Cuomo Signs Ethics Law, Faces Questions on Use of State Aircraft
Monday, August 15, 2011 - 05:27 PM
On the same day Governor Andrew Cuomo signed a bill ensuring state officials follow ethics rules, he was facing questions about his use of state aircraft to and from his Westchester home.
Before starting his vacation, the governor signed into law the Public Integrity Reform Act of 2011, which aims to try and restore public confidence in government by overseeing the conduct of registered lobbyists, requiring legislators to disclose more information about their private businesses, incomes and law firm clients and establishing a new 14-member Joint Commission on Public Ethics.
The Commission will oversee and investigate ethics compliance by lawmakers. The governor will appoint six members, with at least three from a different political party, and legislative leaders will choose eight members.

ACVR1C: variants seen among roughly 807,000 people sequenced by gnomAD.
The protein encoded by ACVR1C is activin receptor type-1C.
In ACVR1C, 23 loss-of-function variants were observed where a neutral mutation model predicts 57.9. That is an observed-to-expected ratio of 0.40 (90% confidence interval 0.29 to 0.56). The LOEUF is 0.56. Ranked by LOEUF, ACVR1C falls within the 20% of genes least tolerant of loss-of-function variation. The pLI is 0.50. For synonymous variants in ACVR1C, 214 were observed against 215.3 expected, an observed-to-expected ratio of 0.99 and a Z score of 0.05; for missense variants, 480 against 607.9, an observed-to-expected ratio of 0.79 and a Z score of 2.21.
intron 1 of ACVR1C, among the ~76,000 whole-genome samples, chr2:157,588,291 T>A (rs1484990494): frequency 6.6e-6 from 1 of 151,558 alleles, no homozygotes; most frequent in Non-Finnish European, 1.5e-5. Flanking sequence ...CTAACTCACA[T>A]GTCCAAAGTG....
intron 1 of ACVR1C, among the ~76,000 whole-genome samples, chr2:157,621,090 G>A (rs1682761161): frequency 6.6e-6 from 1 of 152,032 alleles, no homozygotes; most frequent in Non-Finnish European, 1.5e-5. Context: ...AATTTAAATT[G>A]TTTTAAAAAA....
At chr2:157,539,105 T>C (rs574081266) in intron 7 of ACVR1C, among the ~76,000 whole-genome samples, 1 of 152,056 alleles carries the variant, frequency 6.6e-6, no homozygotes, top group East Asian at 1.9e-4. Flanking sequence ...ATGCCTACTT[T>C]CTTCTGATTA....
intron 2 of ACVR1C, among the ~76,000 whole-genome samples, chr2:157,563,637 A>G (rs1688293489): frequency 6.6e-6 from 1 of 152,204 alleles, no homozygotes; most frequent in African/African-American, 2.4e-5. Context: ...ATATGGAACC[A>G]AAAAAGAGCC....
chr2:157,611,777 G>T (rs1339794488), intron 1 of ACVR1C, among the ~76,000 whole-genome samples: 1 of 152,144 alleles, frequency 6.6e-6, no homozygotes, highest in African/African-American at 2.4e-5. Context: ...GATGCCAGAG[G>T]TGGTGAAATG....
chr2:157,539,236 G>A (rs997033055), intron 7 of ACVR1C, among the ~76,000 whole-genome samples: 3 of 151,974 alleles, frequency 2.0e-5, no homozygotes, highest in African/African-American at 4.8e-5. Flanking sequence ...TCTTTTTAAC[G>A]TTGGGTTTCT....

The bill signing comes as the governor faces some questions about his use of state aircraft to or from his home during his first six months in office, and the required “dead-head” flights by state police back to Albany that aviation industry analysis believed cost over $1,300 per hour.
The Cuomo administration disputed the cost, saying it was too high, but did not disclose the cost of the flights. A spokesman for the governor said the use of the aircraft by Cuomo was due to pressing business in Albany and at home.
Several governors have been questioned about use of state aircraft. Rules require state officials to reimburse the state for “mixed use.”
With the Associated Press